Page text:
Skip to content

Tea Talk: The atigiit our mothers made


Greetings to everyone in that beautiful part of Canada we call Nunavut. It is the most beautiful time of the year when fall is here and winter will be settling in for a few months. The land is so beautiful to look at with fresh fallen snow making it look so pure and pristine. The air is so fresh and nice time to walk. It gets exciting as new season rolling in where we pull out our atigiit (parkas).

Kids are back in school so when you walk by the schools you can hear laughter and happiness from our children playing during recess time.

Growing up at residential school it was our own time where we can talk and be with our friends to feel safe and loved. Every year long weekend in September most of us kids had to hop on the plane – a DC4 I think – and fly all the way to Inuvik, many cried but could not be helped as we were forced to go to residential school. Some lucky kids never had to go and got to stay home and attend federal day school in Cambridge Bay, NWT at the time and now is Nunavut.

Many of us wore our new clothes and homemade parkas to go to Inuvik. We never did see our parkas again, they were taken away. All that work I remember my beloved mother worked so hard sewing parkas for us children. Don’t know how many she made for us each year.

Wearing their parkas made by the sewing ladies at Stringer Hall, in the back are, David Avakana Tologanak, left, known as "Jingles" at school, Helen Navalik Tologanak and Helen Gordon, front row, Sammy Kinaktak Tologanak. "People in the town of Inuvik knew we were all Stringer Hall kids as we all wore the same atigiit."
Navalik Tologanak/NNSL photo

Upon arriving at the hostel Stringer Hall, we were given parkas made by the sewing ladies in their sewing room at the hostel. The junior girls were given red Mother Hubbard style parkas made of very thin duffle or stroud. I don’t remember if they were warm enough for us to use for the whole winter season. We were also fitted with clothes and many of us wore same style and same colour clothing. I remember the shirts/tops were very colorful.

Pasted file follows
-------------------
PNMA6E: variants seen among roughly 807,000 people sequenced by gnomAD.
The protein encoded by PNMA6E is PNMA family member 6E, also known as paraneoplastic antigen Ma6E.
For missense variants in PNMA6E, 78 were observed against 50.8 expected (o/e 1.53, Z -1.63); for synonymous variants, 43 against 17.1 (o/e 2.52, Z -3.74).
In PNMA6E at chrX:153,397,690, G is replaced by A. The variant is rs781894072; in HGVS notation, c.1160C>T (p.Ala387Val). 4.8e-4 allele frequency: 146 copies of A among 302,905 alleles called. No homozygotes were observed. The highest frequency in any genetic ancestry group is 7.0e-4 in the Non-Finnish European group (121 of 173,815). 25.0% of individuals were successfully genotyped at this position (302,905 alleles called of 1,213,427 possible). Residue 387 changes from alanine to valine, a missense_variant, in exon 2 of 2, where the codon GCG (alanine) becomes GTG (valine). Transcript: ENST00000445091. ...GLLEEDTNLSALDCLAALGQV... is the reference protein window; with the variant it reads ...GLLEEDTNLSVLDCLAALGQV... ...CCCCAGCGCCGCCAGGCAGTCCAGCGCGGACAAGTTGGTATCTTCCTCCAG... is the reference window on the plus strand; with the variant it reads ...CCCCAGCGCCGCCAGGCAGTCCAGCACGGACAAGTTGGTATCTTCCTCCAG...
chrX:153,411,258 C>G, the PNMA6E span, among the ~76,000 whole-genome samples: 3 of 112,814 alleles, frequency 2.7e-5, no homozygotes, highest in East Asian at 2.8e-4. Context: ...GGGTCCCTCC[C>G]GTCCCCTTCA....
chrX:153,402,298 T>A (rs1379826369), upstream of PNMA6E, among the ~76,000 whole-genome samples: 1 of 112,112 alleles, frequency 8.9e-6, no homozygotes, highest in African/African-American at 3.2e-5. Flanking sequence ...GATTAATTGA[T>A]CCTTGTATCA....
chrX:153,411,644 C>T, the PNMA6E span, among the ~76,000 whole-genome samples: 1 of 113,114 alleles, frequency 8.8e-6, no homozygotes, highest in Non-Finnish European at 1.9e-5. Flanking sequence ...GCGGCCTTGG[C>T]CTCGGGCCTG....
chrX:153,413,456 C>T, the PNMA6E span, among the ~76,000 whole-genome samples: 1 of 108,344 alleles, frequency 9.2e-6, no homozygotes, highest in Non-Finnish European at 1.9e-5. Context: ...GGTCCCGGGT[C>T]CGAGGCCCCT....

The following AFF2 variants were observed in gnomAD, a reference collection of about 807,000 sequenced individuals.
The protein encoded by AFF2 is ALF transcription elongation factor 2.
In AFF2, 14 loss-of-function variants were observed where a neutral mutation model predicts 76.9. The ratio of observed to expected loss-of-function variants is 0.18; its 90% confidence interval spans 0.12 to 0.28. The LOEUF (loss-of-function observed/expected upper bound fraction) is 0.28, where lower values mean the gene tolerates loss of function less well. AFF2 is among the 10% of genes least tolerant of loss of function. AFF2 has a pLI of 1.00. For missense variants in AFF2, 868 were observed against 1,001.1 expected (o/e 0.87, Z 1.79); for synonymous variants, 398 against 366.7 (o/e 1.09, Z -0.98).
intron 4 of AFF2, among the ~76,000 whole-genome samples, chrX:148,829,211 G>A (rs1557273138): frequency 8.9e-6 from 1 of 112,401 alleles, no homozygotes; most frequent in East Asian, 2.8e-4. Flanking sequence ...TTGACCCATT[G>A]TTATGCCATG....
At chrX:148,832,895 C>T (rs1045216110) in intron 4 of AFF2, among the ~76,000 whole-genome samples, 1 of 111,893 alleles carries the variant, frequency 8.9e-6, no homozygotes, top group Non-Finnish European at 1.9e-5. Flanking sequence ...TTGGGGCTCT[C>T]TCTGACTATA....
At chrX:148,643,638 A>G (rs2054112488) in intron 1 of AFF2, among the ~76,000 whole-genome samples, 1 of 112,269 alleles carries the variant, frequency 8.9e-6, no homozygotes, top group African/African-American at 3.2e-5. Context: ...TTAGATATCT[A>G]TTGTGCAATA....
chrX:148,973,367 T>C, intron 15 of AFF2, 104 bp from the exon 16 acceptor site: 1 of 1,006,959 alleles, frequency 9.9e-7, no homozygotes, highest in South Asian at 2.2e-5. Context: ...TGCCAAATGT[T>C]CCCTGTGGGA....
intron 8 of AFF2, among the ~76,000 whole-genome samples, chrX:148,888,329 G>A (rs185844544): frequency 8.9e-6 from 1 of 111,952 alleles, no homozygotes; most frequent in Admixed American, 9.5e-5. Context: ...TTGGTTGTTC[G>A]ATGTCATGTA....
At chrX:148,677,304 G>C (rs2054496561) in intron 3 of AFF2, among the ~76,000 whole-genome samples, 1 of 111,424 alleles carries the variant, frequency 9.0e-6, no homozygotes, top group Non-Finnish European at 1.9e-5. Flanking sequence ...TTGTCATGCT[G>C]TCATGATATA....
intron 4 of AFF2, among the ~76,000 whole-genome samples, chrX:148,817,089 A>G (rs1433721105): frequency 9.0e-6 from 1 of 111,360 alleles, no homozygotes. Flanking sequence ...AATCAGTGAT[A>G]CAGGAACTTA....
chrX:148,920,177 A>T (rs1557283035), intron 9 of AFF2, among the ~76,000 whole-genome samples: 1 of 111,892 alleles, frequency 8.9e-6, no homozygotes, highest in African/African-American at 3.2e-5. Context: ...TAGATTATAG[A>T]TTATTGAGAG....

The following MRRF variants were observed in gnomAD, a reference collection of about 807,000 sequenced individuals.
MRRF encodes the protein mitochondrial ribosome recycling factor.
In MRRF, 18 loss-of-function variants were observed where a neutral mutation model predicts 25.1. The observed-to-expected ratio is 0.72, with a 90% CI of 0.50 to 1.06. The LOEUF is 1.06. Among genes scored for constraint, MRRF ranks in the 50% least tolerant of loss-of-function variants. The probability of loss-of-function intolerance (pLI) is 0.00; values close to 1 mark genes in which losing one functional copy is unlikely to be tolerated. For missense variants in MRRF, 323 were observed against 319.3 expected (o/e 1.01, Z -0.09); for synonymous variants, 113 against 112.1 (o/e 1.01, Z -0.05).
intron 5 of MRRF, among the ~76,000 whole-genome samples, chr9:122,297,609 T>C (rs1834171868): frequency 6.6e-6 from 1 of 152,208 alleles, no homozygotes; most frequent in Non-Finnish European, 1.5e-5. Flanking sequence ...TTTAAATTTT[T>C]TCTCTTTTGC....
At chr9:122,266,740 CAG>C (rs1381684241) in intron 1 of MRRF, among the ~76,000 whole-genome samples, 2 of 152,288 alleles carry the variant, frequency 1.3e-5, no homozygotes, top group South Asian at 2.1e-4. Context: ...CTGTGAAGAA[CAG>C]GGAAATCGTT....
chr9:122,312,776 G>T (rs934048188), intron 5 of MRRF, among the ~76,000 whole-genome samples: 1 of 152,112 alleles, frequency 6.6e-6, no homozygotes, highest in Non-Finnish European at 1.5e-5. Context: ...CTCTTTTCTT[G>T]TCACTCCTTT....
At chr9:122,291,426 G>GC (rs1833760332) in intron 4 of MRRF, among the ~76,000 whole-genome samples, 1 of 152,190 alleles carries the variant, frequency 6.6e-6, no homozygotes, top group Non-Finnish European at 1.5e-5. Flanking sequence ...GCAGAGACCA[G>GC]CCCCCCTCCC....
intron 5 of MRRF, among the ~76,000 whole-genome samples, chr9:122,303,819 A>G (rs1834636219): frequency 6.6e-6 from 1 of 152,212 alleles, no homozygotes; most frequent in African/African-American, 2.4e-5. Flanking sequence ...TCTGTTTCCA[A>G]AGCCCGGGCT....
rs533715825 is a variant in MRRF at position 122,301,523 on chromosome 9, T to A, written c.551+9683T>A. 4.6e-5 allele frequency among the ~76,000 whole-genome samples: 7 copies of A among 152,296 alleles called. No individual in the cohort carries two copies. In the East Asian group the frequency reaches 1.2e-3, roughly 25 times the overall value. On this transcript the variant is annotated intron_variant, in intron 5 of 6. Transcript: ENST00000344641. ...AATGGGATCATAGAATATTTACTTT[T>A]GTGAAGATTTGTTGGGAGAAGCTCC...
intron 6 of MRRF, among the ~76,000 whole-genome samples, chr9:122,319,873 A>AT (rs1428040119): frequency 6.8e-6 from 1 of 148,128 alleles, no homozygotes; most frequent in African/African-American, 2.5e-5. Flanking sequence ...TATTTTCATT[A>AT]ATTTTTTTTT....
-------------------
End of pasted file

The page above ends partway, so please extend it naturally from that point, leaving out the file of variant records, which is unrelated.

When we see photographs of the kids, they were all the same. I remember many of us had to get our hair cut, some kids came with lice, or scabs on their skin and were shaved and given treatment and medication. We had to brush our teeth 3 or 4 times a day. We were taught how to make our own beds, each of us were assigned a locker.

That is where I felt safe, having my own locker and we can keep our clothes in there, boots, shoes etc. even our school books. We were given towels and to hang them at the end of our beds. At night we can hear kids crying for their parents. Sometimes we would sneak to go and lay with the kids crying to comfort them without being caught. Every morning at 7 a.m. sharp, the buzzer rang loud and we all had to hop out of bed and run to our lockers to get our school clothes on. After school we had to change to our play clothes. We all had to wear woolen socks every day. We were given running shoes, we all look like twins.

At meal time we all had to line up by dorms. Dorm A, B, C and D. D dorm was for the oldest girls in junior section. At the large dining room we were given tables and each table had a senior girl called a mother to sit with us. This is where we got to see our brothers from a distance. I remember my brothers Kane, David, Ricky, Ronnie and Sammy all got haircuts.

I would cry once I set my eyes on my brothers, so happy to see them, but not allowed to talk or hug them. I miss my brothers.

At meals we were served toast, oatmeal milk, hotdogs, eggs, soup, sandwiches, there was no traditional food ever. The kitchen staff were Inuit or Loucheaux. I remember Laura Martin, Elizabeth Hansen, Lidia Thomas, Lilias Mitchener, supervisors were Myra Chicksi, Annie Neglak, Bessie Palvialok, Susie Etegik, Annie Francis, Miss Brown, Mrs. Stobee, Miss Harper and many more. Some were so mean to some kids. So much abuse with spanking, rulers, belts and don’t know what else to punish us. I wish then if there was cameras the truth would come out.

Columnist Navalik Tologanak at the TRC gathering in July 2011 with Sir Alexander Mackenzie School in the background. Both Anglican and Roman Catholic hostel students along with town kids attended SAMS, which was built in 1959 and demolished in 2012. "It was eerie and hurtful to walk down the hallways and to look into our classrooms. It brought tears to me and my daughter and many others. We had closure then."
Navalik Tologanak/NNSL photo

The children who went to residential school went through so much loneliness, being away from family, parents, Elders, community. But now it is all gone but the memories. We all survived but continue to remember the past, but we must move on. We must heal from it and live healthy happy lives, just like our ancestors. Many of us are now grandparents with beautiful grandchildren and families. Let us be free, happy, healthy and to make this world a better place.

God Be With You Son.